While I was thankful we did the route, I probably wouldn’t return to Camelback—unless hiking. While I’ve enjoyed climbing on softer rock in epic locations, like in Fisher Towers or Garden of the Gods, Camelback lacked such charm.
No disrespect to climbers who like this place, but for me, just because “it’s there,” doesn’t mean I’m that stoked to climb it again.
A Real Live Western
One of my favorite outings in the area, was hiking a 3.5-mile loop in Lost Dutchman State Park. We did this more as a family adventure, with our daughter and my mom along, too.
This park sits in the thick of the Superstition Mountains, which besides the extremely rad name, feature a collection of steep walls and mesas, with huge saguaros and other cacti as the foreground—very southwestern in feel.
These mountains look and feel rugged—they are known for sharp drop offs, deep canyons, extreme changes in weather, harsh winds and dangerous wildlife. Today, they comprise more than 242 square miles of wilderness. They were named by the Pima Indians, who passed on stories of strange sounds, mysterious disappearances and deaths related to the mountains.
Indeed, legend lives on today as there have been plenty of hikers who have disappeared in them throughout the years.
Before coming to Phoenix, I had read that the “Supes” contain some of the best rock climbing in the state, other than Sedona or Flagstaff area. I wish we would have had more time to explore such places as Queen Canyon. Next time.
Solid Rock, Solid Day
A little closer to our base camp, we climbed at an area called Tom’s Thumb, in the nearby McDowell Mountains. This time the rock would be supremely solid—desert granite. No more mud.
We set out to climb a wall called Hanging Gardens, which was surprisingly tall, with routes up to three pitches (350 feet), and almost all of them traditional, the kind where you have to place your own gear using cracks and trees, and other features. The route we had had sought to climb received four stars—the highest rating on mountain project.
The approach was a few miles uphill, which kind of squeezed our daylight window considering we didn’t start until around noon.
When we arrived at the wall, I was surprised to find out how wet the rock was. It had rained a few days ago, but after 24 hours of drying, I figured it would be good to go in such a dry place. But this wall was north facing (a key fact which Mountain Project failed to mention) and so it would have been slippery and cold.
So, we moved on to a sun-facing route on the Thumb, which I had hoped to climb after the Garden Wall.
The West Corner started on a grassy shelf of sorts. We linked the two pitches together, climbing fast. After ascending a corner with a few trees, and then a chimney, I bypassed a small roof, and stood on top. Looking to the north and east, I could see deep into the Superstition Mountains. This felt much more like wilderness, compared to our urban adventures.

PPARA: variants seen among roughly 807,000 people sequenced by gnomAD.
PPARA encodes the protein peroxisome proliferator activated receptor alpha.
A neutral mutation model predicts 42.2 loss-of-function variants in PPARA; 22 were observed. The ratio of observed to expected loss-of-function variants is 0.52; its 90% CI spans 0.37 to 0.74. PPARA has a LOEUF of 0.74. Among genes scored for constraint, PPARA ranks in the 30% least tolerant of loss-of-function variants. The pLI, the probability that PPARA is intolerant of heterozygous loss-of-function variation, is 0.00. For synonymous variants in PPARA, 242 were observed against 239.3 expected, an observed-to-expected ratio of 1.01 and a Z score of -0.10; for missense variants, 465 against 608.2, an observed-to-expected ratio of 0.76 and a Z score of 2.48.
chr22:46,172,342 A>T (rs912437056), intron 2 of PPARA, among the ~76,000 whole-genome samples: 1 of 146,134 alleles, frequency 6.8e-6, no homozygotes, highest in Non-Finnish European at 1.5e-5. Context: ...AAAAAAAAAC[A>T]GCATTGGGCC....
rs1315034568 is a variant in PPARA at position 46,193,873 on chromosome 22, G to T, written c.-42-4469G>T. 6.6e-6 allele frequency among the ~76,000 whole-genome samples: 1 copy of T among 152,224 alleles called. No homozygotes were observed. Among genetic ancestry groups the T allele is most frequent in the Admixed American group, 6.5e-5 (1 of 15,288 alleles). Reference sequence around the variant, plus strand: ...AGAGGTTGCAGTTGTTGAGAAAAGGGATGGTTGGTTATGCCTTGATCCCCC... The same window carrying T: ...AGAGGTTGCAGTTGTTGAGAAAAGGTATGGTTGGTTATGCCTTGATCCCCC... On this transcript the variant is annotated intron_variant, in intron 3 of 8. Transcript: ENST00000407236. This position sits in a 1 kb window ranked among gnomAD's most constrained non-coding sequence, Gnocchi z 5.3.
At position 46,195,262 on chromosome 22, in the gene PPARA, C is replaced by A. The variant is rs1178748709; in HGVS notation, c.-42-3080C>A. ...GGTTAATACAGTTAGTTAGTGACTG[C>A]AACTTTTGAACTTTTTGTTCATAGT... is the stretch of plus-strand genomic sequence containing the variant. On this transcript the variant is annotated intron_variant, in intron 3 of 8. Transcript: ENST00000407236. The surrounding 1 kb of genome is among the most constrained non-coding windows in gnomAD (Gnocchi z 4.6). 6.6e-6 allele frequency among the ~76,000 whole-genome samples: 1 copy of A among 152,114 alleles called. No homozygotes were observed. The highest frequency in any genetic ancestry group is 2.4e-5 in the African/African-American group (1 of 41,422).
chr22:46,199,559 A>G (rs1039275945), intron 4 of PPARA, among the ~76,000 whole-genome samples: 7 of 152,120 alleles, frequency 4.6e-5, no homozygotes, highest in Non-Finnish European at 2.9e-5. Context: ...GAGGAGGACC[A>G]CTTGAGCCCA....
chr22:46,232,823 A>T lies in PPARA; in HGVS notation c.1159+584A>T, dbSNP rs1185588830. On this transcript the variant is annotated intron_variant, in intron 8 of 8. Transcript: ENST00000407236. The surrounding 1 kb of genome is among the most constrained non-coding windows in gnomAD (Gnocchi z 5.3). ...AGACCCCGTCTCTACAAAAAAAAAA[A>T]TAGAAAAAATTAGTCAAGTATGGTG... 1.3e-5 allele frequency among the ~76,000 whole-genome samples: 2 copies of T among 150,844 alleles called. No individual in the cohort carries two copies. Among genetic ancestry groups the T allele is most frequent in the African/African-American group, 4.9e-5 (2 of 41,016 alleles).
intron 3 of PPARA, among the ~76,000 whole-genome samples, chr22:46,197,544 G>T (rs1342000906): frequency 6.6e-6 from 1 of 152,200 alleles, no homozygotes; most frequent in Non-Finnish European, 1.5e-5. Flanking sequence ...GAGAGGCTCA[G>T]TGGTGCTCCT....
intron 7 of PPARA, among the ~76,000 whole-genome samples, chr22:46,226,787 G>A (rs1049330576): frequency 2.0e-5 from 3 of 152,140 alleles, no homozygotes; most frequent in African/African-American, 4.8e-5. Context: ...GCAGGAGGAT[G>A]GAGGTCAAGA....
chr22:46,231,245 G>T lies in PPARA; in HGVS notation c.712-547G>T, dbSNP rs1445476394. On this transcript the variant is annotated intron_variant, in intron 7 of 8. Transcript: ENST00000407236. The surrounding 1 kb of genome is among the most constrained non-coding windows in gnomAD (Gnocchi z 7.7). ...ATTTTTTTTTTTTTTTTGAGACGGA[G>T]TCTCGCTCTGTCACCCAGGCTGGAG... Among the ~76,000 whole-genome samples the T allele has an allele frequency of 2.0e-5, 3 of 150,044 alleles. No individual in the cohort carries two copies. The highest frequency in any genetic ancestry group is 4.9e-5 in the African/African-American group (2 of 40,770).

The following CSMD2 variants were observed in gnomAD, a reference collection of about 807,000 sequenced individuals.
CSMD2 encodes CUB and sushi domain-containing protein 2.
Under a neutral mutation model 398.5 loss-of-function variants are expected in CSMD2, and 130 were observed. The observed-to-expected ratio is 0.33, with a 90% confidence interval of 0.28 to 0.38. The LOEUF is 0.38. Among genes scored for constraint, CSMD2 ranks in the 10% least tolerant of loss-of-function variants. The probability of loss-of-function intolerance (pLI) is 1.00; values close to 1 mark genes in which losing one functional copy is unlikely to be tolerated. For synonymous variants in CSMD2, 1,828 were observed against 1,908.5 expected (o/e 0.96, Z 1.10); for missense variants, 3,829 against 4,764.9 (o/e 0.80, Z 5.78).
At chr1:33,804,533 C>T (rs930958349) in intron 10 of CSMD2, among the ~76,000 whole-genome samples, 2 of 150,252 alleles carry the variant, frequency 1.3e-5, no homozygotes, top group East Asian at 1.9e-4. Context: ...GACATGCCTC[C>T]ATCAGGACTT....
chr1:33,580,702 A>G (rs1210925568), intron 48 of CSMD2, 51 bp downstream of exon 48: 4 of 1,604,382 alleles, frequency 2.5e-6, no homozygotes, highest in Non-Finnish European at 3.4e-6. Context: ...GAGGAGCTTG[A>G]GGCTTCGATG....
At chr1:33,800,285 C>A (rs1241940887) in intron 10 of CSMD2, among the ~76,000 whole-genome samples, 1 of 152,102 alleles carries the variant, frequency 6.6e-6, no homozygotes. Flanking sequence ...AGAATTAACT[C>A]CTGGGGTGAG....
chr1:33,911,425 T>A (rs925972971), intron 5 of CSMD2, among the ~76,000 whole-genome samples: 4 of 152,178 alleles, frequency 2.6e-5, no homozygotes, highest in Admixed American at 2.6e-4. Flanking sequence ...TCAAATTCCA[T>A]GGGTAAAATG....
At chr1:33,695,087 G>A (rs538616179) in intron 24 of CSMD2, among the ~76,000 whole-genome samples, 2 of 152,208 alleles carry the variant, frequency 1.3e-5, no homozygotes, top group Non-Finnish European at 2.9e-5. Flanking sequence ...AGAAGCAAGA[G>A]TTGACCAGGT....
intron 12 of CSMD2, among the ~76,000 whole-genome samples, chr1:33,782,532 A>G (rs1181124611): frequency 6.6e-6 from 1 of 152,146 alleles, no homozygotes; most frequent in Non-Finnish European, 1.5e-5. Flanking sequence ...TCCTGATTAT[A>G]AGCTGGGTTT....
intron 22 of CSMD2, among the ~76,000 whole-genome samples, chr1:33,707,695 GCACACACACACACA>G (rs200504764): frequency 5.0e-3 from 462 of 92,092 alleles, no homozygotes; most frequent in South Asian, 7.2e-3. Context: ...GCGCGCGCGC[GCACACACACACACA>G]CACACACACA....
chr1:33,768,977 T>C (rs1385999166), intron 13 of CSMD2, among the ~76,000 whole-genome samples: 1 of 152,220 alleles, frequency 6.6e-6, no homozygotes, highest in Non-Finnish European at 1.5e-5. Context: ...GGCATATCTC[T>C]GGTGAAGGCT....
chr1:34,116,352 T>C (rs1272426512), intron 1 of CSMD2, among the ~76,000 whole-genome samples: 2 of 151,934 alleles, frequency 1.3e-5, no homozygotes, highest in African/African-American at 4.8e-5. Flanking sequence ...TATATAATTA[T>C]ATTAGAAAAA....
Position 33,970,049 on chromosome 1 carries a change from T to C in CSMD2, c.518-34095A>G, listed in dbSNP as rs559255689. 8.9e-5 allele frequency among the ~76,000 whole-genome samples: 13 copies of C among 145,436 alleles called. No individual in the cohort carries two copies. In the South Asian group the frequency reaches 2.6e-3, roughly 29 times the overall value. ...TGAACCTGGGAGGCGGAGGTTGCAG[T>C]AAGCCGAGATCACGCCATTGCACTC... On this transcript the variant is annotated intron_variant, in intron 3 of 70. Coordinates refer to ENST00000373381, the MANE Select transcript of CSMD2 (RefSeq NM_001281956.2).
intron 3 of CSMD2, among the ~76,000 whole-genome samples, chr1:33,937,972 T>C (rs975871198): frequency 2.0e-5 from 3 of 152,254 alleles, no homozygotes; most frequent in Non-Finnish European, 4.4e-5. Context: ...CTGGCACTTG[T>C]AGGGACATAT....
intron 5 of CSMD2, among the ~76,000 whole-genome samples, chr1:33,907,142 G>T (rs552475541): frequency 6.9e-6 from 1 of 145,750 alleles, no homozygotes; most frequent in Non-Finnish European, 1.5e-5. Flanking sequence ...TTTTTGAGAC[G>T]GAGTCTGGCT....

Sitting on top of the Thumb in the sun, soaking in the last hour of vitamin D, I couldn’t help thinking of how it might be awhile before I adventure in temperatures like this again.
Sure enough, as I write this from my northern locale, it was a balmy -9 degrees Fahrenheit that “feels like -24.”
At this point, I must thank our sponsors—my parents. They invited us to join them on this trip and they watched our daughter on several of the days so we could get a few adventures in—which was a win for us, and also for our daughter who loves spending time with them.
Anyone with kids knows it’s nice just to be able to get out at all, as adventures are often a side benefit on such trips. So, with that in mind, we were pretty content with what we were able to do.
I also discovered I am enamored with cactuses—especially the saguaros. I read that the big ones with curving arms could be at least 100 years old—that it takes at least 25-50 years before they can even grow a curve. So, that means a lot of these old cacti were probably around when Wyatt Earp and other old West characters passed through the area.
At any rate, I’d like to return to Arizona for some more adventures—especially climbing in Sedona, or the Grand Canyon again. That’s more of a wish than something we have actual plans for at this point.
Oh, and here is my Comparison Chart of the three hikes I mentioned:
Mount Sanitas in Boulder, Colorado: 3.1 miles, 1,343 feet of elevation gain
The Incline in Manitou Springs, Colorado: 3.5 miles (descending Barr Trail), 2,000 feet + elevation gain
Camelback Mountain in Scottsdale, Arizona:
Echo Trailhead: 1.45 miles (2.9 miles out and back), 1,264 feet elevation gain
Cholla Trailhead: 1.5 miles (3 miles out and back), 1,200 feet